Lane Kiffin Compares Texas A&M’s NIL Wealth To Saudi’s Impact On International Soccer

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Lane Kiffin has not been shy with his thoughts on Name, Image and Likeness. Especially when it comes to Texas A&M.

The 48-year-old head coach of Ole Miss is frustrated with the system. He is not the only one, but few — if any — coaches are willing to speak up and call things how they are.

College football is no longer an amateur sport. It never was, but the guise is no more.

To put it simply, the programs with the most NIL wealth are finding the most success in recruiting and through the transfer portal. Teams that can pay players more money are able to land commitments over programs that cannot pay as much money. It’s a pretty simple concept.

At the forefront of that conversation is Jimbo Fisher and the Aggies. Texas A&M landed the greatest recruiting class of all-time in 2022, which just so happened to coincide with the first full year of NIL.

Coincidence? Most certainly not.

Fisher said that NIL had “nothing” to do with his class, but the Aggies have a massive alumni base and a lot of oil money. For him to say that was ludicrous and Kiffin agrees.

He and Texas A&M, especially Fisher, have beef. The former has not held back on the latter.

Kiffin and Fisher don’t see eye-to-eye, to say the least. It has been an ongoing back-and-forth battle between the two SEC West head coaches for nearly three years now and it shows no signs of coming to an end.

Lane Kiffin compared Texas A&M to the Saudis.

Although Kiffin has issues with the NIL system, he understands how it works. Ole Miss can’t not do what every other school is doing with money or else it would fall behind.

Ole Miss, one of the smallest schools in the SEC, simply cannot keep up with larger alumni bases.

The same thing, to an extent, is happening in soccer. Manchester City manager Pep Guardiola said on Saturday that Saudi Arabia’s presence in the sport has changed the transfer market forever.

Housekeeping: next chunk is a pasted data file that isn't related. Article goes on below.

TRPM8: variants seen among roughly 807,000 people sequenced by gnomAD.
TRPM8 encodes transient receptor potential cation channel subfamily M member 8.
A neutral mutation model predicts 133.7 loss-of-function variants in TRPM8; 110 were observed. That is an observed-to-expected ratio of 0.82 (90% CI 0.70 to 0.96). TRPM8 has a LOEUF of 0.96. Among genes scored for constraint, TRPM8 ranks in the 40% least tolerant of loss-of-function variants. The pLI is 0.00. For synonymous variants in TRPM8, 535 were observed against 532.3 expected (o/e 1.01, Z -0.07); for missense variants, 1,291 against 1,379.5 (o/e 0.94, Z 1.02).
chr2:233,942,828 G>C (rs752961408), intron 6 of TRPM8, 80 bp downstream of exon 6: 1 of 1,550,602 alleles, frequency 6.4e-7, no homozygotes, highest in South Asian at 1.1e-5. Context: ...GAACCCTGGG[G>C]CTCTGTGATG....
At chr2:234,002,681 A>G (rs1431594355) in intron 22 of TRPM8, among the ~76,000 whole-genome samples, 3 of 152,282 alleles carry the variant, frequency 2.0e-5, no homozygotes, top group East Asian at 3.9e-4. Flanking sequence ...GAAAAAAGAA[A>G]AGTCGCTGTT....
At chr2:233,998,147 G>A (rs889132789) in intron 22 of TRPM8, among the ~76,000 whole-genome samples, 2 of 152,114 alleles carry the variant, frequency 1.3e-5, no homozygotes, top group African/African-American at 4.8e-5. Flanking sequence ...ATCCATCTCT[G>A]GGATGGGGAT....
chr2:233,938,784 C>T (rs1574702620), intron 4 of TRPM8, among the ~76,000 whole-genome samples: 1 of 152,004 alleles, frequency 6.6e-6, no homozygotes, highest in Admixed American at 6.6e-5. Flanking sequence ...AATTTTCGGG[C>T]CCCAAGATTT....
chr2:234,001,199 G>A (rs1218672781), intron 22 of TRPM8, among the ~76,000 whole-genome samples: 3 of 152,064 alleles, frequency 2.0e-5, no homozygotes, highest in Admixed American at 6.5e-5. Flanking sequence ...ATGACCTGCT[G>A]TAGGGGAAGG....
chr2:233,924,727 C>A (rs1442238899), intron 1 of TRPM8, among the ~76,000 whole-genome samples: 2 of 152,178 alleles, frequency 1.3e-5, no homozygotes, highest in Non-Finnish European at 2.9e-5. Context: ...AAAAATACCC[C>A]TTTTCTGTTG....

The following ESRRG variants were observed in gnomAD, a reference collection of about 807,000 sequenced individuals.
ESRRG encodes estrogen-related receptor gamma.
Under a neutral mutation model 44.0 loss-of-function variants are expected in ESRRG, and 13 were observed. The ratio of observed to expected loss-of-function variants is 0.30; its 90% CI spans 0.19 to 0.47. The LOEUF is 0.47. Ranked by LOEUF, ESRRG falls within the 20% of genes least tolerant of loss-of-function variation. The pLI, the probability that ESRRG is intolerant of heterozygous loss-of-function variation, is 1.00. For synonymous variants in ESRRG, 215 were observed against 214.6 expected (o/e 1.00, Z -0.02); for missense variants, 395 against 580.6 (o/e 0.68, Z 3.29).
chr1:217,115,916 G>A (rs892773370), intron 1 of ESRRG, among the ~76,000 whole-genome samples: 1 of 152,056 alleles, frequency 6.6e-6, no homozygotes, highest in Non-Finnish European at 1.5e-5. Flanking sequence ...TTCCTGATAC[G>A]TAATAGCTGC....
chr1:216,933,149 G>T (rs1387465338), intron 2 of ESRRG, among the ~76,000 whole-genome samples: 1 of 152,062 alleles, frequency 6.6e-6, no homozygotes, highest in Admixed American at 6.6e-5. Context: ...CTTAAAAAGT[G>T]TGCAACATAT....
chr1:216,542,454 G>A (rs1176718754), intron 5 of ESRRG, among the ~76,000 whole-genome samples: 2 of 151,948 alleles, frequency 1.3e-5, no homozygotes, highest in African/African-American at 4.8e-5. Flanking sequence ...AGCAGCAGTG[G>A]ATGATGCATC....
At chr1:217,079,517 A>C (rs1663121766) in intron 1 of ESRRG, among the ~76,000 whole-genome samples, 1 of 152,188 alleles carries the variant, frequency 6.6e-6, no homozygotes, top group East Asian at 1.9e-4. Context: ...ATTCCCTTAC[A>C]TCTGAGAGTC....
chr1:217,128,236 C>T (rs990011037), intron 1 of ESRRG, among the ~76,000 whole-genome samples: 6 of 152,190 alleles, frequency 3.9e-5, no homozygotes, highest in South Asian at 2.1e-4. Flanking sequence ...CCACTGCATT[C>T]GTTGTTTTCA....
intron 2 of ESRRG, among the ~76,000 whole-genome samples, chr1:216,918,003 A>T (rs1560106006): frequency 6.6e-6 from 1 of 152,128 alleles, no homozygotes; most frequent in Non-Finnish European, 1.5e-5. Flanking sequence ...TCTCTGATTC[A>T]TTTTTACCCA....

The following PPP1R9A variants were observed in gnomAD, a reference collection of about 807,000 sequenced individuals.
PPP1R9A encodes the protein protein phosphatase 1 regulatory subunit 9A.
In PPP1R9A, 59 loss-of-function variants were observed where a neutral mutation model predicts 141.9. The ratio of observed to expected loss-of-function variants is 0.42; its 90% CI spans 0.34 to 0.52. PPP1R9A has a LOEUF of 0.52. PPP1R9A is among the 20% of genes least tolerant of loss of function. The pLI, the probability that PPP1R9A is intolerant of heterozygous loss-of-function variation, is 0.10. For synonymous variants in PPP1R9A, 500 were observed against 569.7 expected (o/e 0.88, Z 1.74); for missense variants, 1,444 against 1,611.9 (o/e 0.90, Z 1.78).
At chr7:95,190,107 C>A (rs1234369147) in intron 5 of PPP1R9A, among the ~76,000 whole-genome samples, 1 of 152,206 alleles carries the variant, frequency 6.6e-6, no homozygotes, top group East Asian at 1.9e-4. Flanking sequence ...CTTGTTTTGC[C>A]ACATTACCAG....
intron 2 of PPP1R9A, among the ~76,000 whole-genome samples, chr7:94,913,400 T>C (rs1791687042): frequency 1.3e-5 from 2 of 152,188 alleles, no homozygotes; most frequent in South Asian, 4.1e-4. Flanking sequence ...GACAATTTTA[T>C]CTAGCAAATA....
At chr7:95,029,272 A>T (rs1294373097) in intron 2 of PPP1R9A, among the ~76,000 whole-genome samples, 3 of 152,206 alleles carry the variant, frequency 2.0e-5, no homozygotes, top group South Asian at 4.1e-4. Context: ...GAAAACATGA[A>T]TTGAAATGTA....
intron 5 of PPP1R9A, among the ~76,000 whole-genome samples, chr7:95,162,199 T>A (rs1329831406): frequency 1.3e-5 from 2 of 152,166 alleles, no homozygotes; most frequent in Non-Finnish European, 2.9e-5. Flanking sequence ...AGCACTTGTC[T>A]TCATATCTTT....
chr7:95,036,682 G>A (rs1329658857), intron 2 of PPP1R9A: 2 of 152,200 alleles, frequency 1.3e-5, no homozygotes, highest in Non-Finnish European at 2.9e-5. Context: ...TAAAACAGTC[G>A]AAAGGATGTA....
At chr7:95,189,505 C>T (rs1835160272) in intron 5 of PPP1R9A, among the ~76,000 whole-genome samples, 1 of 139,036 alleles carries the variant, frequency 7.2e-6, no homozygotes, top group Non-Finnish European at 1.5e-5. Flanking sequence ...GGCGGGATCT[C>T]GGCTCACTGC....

The Saudis can pay more money than most clubs in the world. Especially for mid-to-upper tier players and stars. And as with college football, the clubs that can pay the most money are getting the best players. The LIV/PGA merger is another example.

Riyad Mahrez, who scored 78 goals for Manchester City during a dominant title run, will get paid about $40 million to play for Al Ahli of the Saudi league. His former manager was frustrated with the loss.

Saudi Arabia has changed the market. A few months ago when Cristiano [Ronaldo] was the only one to go, no one thought this many top, top players would play in the Saudi league.

In the future, there will be more, and that’s why clubs need to be aware of what is happening. Riyad got an incredible offer, and that’s why we could not say, ‘Don’t do it.’

— Manchester City manager Pep Guardiola, via ESPN

Kiffin saw the comments and likened it to his own sport. He compared the Saudi money to —– —, and left people to fill in the blanks to Texas A&M.

The two core principles of Kiffin’s comparison are very similar. Heck, Texas A&M’s oil money may even have a direct tie to Saudi Arabia!

Kiffin is just saying…………………….

Written by Grayson Weir

Grayson doesn't drink coffee. He wakes up Jacked.

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